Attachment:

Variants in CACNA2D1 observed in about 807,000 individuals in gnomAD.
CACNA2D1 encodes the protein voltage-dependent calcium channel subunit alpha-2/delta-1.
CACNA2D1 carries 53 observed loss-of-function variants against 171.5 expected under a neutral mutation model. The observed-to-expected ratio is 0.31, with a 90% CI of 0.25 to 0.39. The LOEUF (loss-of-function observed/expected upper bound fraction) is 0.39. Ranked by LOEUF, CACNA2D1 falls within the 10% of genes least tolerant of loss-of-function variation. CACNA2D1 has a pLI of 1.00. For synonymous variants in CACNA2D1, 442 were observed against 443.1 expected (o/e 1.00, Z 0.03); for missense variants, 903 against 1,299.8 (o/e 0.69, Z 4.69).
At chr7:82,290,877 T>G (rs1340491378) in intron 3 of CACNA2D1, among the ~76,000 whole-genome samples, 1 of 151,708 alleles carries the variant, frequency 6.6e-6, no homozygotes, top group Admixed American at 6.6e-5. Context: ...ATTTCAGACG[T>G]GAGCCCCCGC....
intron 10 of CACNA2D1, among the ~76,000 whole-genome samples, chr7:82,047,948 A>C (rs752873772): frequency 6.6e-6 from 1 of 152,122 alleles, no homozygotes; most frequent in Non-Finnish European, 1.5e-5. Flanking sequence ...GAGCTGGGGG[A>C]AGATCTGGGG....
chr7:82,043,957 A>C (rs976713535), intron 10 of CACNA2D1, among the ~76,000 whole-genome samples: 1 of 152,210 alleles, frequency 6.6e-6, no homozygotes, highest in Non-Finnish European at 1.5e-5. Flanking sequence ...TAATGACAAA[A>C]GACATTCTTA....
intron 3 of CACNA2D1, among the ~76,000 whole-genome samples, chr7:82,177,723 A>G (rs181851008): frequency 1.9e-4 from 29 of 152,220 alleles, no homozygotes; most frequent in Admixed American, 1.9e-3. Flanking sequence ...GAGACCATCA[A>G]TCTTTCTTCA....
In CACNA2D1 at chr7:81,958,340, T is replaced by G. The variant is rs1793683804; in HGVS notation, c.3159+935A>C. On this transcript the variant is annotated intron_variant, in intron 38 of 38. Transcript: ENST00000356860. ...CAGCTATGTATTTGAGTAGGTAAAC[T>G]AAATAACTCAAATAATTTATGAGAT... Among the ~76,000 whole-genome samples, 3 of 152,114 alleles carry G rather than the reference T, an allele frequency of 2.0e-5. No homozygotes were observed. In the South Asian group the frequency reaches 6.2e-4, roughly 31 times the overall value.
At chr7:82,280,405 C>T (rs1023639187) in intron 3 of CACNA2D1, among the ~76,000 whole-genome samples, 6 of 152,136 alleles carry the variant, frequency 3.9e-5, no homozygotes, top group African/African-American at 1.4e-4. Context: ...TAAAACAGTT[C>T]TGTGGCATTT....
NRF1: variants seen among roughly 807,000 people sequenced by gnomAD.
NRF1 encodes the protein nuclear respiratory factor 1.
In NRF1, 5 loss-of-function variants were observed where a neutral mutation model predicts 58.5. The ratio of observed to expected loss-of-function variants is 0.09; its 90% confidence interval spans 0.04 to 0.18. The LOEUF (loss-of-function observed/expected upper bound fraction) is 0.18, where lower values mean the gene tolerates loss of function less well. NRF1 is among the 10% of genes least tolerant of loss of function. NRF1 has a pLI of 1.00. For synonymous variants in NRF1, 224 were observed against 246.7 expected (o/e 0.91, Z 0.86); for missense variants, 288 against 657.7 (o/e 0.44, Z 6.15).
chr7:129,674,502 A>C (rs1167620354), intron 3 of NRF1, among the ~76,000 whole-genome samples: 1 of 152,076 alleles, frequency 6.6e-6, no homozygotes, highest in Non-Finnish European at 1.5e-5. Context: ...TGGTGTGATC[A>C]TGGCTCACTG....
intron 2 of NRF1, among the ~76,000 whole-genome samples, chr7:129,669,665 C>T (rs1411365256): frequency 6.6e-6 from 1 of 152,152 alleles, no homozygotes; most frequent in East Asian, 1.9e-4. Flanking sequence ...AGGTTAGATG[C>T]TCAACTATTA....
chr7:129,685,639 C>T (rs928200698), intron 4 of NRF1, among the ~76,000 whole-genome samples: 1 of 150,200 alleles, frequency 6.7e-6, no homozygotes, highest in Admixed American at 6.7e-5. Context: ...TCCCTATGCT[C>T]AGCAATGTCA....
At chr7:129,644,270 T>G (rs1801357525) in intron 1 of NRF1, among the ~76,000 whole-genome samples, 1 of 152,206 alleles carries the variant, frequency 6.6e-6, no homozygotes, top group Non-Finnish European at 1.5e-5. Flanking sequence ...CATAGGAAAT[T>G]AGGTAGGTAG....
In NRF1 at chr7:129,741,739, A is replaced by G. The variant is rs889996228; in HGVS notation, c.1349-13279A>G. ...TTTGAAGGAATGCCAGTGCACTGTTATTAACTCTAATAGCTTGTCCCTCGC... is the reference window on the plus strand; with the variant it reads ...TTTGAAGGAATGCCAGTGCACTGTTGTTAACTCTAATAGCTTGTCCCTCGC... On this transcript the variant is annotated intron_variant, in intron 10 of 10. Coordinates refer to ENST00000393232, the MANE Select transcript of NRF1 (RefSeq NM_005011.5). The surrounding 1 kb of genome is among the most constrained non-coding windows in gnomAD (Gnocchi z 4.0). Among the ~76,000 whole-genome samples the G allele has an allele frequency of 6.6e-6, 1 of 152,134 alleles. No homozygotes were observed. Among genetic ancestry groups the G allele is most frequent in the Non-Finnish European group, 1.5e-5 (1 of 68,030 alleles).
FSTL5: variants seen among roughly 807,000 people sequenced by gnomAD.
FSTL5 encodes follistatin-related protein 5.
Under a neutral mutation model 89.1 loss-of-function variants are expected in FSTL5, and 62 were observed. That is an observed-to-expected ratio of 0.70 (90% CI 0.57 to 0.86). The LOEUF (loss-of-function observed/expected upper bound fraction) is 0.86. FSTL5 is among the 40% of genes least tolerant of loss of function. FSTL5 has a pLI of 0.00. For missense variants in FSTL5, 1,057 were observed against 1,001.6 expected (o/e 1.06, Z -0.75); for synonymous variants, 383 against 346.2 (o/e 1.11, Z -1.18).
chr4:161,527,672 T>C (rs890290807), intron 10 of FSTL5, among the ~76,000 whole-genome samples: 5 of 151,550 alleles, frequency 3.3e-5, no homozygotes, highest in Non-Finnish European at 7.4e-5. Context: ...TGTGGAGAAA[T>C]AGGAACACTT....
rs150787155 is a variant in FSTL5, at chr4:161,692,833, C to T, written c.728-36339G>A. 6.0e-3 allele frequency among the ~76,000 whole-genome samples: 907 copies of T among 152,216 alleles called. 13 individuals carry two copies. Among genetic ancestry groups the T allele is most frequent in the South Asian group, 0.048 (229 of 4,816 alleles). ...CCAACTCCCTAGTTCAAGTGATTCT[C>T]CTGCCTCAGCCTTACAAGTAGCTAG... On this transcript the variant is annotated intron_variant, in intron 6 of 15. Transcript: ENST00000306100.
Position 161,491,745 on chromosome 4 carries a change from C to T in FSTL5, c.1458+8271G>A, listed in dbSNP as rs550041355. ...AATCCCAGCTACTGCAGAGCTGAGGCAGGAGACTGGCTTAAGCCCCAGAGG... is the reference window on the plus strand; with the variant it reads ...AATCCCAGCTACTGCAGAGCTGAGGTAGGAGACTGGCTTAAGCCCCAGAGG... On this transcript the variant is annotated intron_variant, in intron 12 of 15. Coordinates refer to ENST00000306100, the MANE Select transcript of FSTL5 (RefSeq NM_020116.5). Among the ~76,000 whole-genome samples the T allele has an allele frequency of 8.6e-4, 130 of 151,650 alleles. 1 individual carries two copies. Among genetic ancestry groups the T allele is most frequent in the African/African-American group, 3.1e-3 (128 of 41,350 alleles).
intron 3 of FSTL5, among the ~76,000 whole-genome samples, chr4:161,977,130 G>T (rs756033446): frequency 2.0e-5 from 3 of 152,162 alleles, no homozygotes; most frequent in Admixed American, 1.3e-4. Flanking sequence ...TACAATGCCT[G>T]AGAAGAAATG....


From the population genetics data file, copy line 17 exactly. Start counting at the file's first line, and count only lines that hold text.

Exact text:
In NRF1 at chr7:129,741,739, A is replaced by G. The variant is rs889996228; in HGVS notation, c.1349-13279A>G. ...TTTGAAGGAATGCCAGTGCACTGTTATTAACTCTAATAGCTTGTCCCTCGC... is the reference window on the plus strand; with the variant it reads ...TTTGAAGGAATGCCAGTGCACTGTTGTTAACTCTAATAGCTTGTCCCTCGC... On this transcript the variant is annotated intron_variant, in intron 10 of 10. Coordinates refer to ENST00000393232, the MANE Select transcript of NRF1 (RefSeq NM_005011.5). The surrounding 1 kb of genome is among the most constrained non-coding windows in gnomAD (Gnocchi z 4.0). Among the ~76,000 whole-genome samples the G allele has an allele frequency of 6.6e-6, 1 of 152,134 alleles. No homozygotes were observed. Among genetic ancestry groups the G allele is most frequent in the Non-Finnish European group, 1.5e-5 (1 of 68,030 alleles).